There is no way you can succeed by yourself. Whether in business, school, or family, you need the support of the people around you. In business, for example, you need to win the support of your customers, colleagues and employers. Of course, the problem is it’s not easy to get their support. With so many things competing for their attention, why should they choose to support us? The book Fire Them Up! by Carmine Gallo gives us a solution for this problem. Through its 7 “simple secrets”, we can become a Chief Inspiration Officer who inspire and motivate the people around us. This way, not only can you get their support, you can also mobilize them to take action. This is how the book describes a Chief Inspiration Officer: This person is an extraordinary communicator. He places a strong emphasis on the way he crafts and delivers his message, vision, and values… This leader is magnetic. He leaves everyone energized, enthusiastic, and electrified!
Leo Babauta from Zen Habits has created his second blog Write To Done which focuses on writing. If you are a writer or want to improve your writing skill (like I do), it’s a great place to go. Meanwhile, there are some articles I wrote for lifehack.org that you might enjoy: Achieving Your Dream: How to Take the First Step 20 Questions to Help You Reflect the Past Year Three Basic Steps to Get Your Desire with the Least Effort Key to Innovation: Becoming an Observer And there some interesting links I found since the last link post; I hope you enjoy them. Here they are:
Is reading important for success? Many people believe that the answer is yes, but it might be difficult to find real-world examples. An article from the The New York Times provides us with the examples we need. Entitled C.E.O. Libraries Reveal Keys to Success, it talks about the reading habit of some prominent business leaders such as Phil Knight (the founder of Nike) and Michael Moritz (a venture capitalist behind the likes of Google and Yahoo). Not only do these leaders love reading, they make it an indispensable part of improving their life and business. How else can we better learn about good reading than from such successful people? Here is how they read (with quotes from the article and my comments): 1. They read to improve thinking Serious leaders who are serious readers build personal libraries dedicated to how to think, not how to compete. “My books have helped me develop a way of thinking critically in business…”
Negative thoughts are the enemies of victorious life. Since our life is very much determined by our mind, our thoughts can make or break our life. Negative thoughts will distract your focus from the important and drain your energy. At the end, you will no longer have the ingredients necessary for success. Knowing how to overcome negative thoughts may make the difference between victory and defeat. I believe there is an important principle at work regarding negative thoughts, and that is: Attention is self-reinforcing. If you give attention to negative thoughts, they will get stronger and stronger. What seems like a small matter in the beginning may become monstrous at the end. What you should do is breaking the vicious cycle by shifting your focus to something positive. You can then reinforce this positive attention until you completely defeat the negative thoughts (read more at attention management).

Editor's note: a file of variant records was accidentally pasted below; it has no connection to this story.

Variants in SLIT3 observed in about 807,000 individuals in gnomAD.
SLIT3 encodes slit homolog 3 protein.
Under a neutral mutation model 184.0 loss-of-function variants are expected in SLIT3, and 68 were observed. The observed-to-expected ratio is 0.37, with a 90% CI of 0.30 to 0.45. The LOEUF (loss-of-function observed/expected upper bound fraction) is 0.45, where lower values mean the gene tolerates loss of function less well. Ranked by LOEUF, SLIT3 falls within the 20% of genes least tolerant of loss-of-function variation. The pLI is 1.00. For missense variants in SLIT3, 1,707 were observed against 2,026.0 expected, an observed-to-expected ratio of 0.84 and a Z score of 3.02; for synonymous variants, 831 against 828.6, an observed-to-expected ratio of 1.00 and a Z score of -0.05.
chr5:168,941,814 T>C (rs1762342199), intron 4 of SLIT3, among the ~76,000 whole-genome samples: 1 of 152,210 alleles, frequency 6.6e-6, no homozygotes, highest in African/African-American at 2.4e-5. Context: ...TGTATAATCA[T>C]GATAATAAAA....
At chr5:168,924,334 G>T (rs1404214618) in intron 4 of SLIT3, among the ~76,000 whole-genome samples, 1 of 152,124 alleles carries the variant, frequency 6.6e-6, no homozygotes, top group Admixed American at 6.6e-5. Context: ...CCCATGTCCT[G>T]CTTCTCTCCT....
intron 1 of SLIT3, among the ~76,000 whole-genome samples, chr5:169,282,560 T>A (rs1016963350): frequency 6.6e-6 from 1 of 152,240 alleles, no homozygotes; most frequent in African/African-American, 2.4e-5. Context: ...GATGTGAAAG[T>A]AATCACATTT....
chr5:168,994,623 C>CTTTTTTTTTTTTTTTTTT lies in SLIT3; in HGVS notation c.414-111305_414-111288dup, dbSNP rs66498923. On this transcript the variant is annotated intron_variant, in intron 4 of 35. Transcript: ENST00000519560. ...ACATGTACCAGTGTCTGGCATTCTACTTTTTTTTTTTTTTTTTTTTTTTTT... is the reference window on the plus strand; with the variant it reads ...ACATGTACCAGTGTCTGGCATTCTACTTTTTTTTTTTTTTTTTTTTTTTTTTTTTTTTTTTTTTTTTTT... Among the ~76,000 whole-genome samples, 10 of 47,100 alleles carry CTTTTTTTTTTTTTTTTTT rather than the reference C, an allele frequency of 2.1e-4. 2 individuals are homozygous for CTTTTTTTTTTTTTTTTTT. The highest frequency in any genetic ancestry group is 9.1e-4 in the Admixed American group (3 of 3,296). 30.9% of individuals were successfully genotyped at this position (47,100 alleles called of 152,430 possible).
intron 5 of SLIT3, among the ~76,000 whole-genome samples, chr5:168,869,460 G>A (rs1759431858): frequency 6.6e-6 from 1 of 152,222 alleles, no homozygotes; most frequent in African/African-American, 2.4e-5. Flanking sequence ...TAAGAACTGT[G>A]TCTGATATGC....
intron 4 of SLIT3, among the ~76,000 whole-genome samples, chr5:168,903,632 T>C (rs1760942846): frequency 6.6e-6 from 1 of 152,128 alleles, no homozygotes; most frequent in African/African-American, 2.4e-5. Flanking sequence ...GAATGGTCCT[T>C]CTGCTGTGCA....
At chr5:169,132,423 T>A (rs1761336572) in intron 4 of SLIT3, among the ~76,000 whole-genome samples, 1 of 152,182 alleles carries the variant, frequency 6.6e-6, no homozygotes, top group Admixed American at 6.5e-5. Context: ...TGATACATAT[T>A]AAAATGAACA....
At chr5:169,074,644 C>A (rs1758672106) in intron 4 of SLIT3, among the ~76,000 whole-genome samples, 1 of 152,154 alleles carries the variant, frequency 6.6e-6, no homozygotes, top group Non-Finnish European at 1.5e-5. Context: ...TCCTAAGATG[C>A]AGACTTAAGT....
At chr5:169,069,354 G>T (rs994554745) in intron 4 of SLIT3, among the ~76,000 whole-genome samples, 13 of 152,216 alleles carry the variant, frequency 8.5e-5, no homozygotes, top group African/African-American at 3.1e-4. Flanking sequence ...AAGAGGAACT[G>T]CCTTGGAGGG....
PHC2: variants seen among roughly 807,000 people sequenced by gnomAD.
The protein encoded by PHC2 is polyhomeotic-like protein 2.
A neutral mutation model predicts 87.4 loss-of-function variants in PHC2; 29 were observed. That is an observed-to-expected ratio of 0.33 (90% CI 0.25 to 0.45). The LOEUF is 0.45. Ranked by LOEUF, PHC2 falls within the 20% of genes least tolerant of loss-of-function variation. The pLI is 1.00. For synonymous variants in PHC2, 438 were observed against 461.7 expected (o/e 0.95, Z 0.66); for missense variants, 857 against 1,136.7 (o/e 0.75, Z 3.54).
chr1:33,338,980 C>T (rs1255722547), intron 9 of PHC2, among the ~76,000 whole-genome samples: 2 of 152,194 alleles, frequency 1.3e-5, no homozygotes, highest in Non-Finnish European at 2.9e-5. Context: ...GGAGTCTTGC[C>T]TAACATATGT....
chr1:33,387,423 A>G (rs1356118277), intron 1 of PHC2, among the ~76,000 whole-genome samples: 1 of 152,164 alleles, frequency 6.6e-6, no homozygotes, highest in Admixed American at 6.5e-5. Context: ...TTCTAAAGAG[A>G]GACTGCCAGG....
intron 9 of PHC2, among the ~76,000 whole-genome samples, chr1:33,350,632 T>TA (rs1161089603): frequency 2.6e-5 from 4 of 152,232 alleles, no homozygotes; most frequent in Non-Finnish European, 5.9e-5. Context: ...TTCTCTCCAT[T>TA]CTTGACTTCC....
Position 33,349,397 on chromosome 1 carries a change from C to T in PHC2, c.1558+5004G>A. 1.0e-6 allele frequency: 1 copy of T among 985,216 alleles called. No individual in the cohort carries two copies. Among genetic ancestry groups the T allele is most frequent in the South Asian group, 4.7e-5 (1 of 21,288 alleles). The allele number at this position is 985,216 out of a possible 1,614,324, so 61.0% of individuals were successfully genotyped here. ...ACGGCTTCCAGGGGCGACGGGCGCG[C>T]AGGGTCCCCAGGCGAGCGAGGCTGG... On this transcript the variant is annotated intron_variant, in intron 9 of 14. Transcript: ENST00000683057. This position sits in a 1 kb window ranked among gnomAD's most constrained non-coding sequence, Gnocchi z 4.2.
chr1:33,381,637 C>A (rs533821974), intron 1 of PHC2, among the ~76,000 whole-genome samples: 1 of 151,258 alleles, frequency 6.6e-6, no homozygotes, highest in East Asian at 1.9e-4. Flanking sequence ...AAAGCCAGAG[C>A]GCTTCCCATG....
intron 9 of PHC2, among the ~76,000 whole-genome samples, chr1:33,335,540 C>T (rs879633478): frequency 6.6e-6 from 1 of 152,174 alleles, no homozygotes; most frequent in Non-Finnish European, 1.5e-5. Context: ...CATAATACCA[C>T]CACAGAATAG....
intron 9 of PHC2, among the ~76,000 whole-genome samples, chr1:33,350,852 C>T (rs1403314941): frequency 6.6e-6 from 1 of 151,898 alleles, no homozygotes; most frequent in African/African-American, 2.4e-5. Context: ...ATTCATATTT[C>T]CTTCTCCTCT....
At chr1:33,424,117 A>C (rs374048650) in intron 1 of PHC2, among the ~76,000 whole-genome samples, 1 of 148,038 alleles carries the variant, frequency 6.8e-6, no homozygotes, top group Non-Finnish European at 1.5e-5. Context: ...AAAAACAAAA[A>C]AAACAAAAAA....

Last month I was in vacation mode, so I switched to lighter reading. I read A Short History of Nearly Everything by Bill Bryson followed by Tom Clancy’s Red Storm Rising. But, rather than just taking lighter books to read, that is also part of my plan to diversify my reading. Here are three reasons why we should diversify our reading: Avoid boredom I don’t know about you, but reading the same topics again and again makes me bored. Even for topics I’m passionate about, I will be more refreshed if I also read other topics once in a while. Arbitrage knowledge The art of arbitrage is important for living smart, and diversifying your reading allows you to do knowledge arbitrage. Knowledge arbitrage means taking ideas from one field to be applied to another field. If you read only one or two topics, it’s difficult to do that. Cross-pollinate ideas Continuing the idea of arbitrage, not only can you borrow ideas from other fields, you can also combine ideas from different fields. Often it will give you “original” ideas since nobody has seen such combination before. Of course, you can only cross-pollinate idea if you have different kinds of idea […]
In the last few months of 2007, I needed to make a difficult decision. It was difficult because the options had equal risks and benefits. Furthermore, the decision greatly affected how my career would do in the years to come. Taking the wrong decisions means I would spend years of precious time in mediocrity. Essentially, the options are between:1. choosing a commonly-followed way, or 2. pursuing my own dream. At a glance, it seems clear that I should pursue my own dream. But, after considering the risk, it was not that easy to make a decision. The risk was obvious: If I followed my dream and fail, I would lose the opportunity of having a good, “guaranteed” lifestyle, and end up with an under-average life. After struggling for months, I finally made a decision: I would take the risk and pursue my dream. It was a difficult decision to make, but I learned a great deal about how to make such decisions in life.